Because subjects participating in Phase 1 trials receive no therapeutic benefit it is usual for them to be paid.  The unit’s recruitment materials (leaflets and posters, which volunteers are encouraged to take away and distribute) state that “compensation for time and inconvenience” will be paid “according to the length and nature of the trial”.  In addition, the leaflets highlight the fact that meals and accommodation are provided free for the duration of the trial, and that entertainment and recreational facilities are provided.

In the past the company has had little difficulty in getting its trials approved by the research ethics committee, and it has a good safety record.  However, a new IRB member has questioned the level of payment offer to volunteers and discovered that these are much lower than those typically offered by other pharmaceutical companies.   Further investigation reveals that a large proportion of the volunteers are long-term unemployed and homeless (most of the addresses supplied on the initial questionnaire are for local hostels for the homeless or other temporary accommodation).  Many are thought to be alcoholics or drug addicts, although they have to declare themselves ‘clean’ at the time of registering for a trial and will be unable to consume alcohol or drugs while in the unit.  It is also evident that, despite an absence of high-profile advertising, the unit is widely known, with many volunteers travelling ling distances to participate in trials.  Many have participated in trials for this or other companies on several previous occasions, and although the eligibility criteria specify a minimum of three months between trials, there is some evidence of volunteers falsifying their identity to overcome this restriction.

The company is unapologetic about its low payment levels or the socioeconomic groups from which its subjects are drawn.  It argues that the ease with which it recruits volunteers demonstrates that the benefits to participants are substantial, and that higher payments might amount to undue inducement.  It also points out that the number of participants withdrawing from trials is very low, as is the number of complaints received.

Questions:

  1. What advantages does the pharmaceutical company gain by recruiting from a disadvantaged sector of society, and what benefits do the volunteers gain from participation in the trials?
  2. What disadvantages or risks does this method of recruitment have for the company and for the volunteers?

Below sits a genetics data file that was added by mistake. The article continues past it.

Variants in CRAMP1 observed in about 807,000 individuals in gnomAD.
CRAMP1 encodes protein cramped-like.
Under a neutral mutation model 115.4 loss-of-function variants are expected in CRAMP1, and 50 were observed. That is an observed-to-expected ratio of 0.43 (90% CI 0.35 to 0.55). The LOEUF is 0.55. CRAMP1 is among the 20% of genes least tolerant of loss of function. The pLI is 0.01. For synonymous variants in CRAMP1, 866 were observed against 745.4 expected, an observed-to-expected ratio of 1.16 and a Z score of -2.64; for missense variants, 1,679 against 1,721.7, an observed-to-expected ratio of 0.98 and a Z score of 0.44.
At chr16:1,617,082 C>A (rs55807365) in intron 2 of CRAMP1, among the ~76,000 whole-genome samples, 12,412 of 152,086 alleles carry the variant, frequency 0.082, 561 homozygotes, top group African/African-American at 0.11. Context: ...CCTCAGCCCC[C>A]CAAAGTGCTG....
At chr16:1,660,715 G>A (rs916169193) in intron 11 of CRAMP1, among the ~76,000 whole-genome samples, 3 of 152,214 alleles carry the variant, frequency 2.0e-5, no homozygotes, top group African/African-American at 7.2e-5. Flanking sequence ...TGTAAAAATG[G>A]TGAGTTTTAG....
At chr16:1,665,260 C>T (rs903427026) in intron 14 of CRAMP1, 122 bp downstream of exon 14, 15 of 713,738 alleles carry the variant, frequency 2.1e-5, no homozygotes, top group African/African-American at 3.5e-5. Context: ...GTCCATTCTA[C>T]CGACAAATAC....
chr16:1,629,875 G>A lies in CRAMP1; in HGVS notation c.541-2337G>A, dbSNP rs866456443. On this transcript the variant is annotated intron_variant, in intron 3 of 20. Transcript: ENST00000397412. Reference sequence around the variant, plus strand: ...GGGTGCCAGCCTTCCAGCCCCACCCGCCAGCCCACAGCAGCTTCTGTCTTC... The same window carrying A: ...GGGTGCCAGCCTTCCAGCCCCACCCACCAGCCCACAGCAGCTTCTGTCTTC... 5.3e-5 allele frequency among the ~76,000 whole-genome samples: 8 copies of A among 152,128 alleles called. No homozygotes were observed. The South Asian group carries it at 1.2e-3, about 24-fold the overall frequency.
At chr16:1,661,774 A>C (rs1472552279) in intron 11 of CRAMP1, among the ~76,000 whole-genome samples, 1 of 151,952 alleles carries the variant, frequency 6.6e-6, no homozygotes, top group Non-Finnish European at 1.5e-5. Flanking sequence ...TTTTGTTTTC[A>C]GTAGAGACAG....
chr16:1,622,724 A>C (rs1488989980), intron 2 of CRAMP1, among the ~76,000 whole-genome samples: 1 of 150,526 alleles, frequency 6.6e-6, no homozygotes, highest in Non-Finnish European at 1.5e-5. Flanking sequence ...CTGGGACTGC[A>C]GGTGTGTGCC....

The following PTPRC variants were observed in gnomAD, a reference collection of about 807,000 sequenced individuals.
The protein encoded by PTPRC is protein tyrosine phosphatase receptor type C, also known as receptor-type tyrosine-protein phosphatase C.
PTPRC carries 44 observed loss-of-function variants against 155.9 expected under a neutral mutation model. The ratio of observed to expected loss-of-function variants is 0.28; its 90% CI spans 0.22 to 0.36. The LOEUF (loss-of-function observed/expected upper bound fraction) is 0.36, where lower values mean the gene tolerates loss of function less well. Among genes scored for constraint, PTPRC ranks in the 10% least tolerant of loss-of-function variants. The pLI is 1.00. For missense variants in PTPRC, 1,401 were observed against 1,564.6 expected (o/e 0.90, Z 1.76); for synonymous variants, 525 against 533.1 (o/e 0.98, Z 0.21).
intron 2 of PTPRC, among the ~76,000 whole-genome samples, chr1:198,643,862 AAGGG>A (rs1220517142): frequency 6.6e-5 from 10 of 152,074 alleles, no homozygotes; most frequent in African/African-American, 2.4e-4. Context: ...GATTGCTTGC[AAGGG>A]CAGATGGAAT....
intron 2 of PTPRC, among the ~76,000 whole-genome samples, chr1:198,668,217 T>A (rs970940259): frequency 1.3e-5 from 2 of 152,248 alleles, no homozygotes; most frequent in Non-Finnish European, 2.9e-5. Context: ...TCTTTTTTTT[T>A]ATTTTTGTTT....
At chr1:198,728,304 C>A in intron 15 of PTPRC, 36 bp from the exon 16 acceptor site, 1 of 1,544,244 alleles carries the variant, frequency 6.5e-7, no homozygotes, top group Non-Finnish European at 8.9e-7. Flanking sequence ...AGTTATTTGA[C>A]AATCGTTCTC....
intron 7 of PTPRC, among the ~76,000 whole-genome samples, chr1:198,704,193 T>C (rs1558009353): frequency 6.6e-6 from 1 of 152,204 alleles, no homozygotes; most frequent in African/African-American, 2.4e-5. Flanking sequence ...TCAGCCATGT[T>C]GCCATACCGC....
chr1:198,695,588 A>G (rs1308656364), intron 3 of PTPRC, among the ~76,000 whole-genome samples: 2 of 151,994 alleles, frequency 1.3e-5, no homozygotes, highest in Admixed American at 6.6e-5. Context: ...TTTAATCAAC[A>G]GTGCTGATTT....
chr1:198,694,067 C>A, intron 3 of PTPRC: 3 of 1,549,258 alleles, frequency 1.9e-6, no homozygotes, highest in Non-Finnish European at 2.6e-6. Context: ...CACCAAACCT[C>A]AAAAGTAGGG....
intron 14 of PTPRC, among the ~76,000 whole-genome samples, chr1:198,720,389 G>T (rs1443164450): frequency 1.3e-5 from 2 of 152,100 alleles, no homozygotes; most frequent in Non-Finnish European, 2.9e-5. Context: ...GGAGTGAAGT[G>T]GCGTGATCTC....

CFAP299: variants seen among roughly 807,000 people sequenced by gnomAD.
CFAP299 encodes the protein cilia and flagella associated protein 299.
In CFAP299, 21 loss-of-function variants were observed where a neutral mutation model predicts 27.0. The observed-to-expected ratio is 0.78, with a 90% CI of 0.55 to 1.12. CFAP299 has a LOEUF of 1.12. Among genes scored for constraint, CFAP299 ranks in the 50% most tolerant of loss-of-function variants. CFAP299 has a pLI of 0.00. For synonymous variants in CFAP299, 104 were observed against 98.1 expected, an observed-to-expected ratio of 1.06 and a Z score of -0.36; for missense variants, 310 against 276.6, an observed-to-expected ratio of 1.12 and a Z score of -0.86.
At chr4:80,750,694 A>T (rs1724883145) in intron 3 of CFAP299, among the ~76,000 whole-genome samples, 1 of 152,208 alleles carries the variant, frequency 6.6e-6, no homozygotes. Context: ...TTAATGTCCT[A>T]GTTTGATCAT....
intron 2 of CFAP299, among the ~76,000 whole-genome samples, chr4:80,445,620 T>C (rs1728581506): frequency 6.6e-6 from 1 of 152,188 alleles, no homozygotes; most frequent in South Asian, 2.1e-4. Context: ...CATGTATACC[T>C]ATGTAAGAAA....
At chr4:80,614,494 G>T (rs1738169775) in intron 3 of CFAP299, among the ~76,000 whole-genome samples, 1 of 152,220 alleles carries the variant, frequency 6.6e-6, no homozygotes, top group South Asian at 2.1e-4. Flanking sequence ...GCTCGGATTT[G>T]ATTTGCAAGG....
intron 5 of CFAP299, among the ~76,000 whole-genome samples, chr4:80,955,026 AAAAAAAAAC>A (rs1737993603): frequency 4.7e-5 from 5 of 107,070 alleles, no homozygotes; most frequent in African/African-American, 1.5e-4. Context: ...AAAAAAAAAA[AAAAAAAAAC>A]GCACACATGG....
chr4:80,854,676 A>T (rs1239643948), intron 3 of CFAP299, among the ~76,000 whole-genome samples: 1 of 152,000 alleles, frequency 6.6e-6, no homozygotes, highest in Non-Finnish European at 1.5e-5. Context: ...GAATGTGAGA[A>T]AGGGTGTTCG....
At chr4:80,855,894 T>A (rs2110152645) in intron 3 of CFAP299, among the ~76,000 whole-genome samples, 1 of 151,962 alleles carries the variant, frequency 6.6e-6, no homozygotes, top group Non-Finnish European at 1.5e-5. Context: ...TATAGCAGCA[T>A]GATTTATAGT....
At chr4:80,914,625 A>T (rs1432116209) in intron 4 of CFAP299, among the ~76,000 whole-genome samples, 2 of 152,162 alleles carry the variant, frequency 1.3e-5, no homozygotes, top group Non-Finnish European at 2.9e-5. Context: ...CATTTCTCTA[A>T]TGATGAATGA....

3. Are there grounds for considering the company’s recruitment practice to be exploitative? If so, what are they and do you agree that it is exploitative?

Case Study 4: Tuberculosis vaccine research in a developing country

Tuberculosis (TB) is a major cause of morbidity and mortality, with nearly nine million new infections and two million deaths per year worldwide.  Incidence of the disease is highest in developing countries, particularly in Africa, but it is also a problem in developed countries, some of which have seen a resurgence of the disease as a result of antibiotic resistance, reduced immune response due to HIV infection and migration from parts of the world in which the disease is rife.  The commonly used vaccine against TB is Bacile Calmette-Guérin (BCG).  However, while this is effective in young children, its effectiveness is more variable in adolescents and young adults, and it is not recommended for patients with impaired immune systems.  In addition to problems of antibiotic resistance, drug treatments have had limited impact in developing countries due to cost and poor compliance.

Development of new, more effective vaccines appears to be the most promising strategy for controlling and eventually eradicating TB.  Several potential vaccines have been developed as a result of advances in understanding the genome of the infectious agent.  Some of these have undergone Phase 1 testing in Europe, and now European researchers working on a Modified Vaccina Ankara (MVA) vaccine wish to carry out further trials in various countries including Mozambique, a country classified by the United Nations as one of the world’s least developed and with prevalence rates among the highest in the world for HIV and TB.

The proposed trial in Mozambique is designed to test the effectiveness of the new vaccine when used post-infection and in conjunction with BCG.  It will run for five years and will involve the following arms:

  1. BCG only in adult males not known to have HIV;
  2. BCG plus MVA in adult males not known to have HIV;
  3. BCG only in adolescent males not known to have HIV;
  4. BCG plus MVA (lower dose) in adolescent males not known to have HIV;
  5. BCG only in subjects in the early stages of HIV;
  6. BCG plus MVA in subjects in the early stages of HIV

Participants will be subject to monthly health checks, which will include monitoring of weight, blood tests, and sputum tests.  They will be given advice on healthy eating and where necessary provided with the resources to maintain a healthy diet.  Consent will be obtained in the standard way.

Costs will be lower than if the trial was conducted in Europe, and the high prevalence of TB should make recruitment of subjects relatively quick and easy.  The researchers argue that it is important to test the vaccine in populations similar to those in which it is intended to be used.  However, some members of the research ethics committee question the affordability of the vaccine for a country as impoverished as Mozambique and contend that, while it may be affordable for richer African countries, such as South Africa, the primary use is likely to be in those developed countries that are experiencing an increase in TB infection.

Questions:

  1. In what ways might the trial be considered exploitative?
  2. Would it be acceptable to include placebo arms in the trial if the region in which it is carried out is one in which BCG is not usually available?
  3. Should the trial be allowed to go ahead as it stands?  If not, how can it be made ethically acceptable?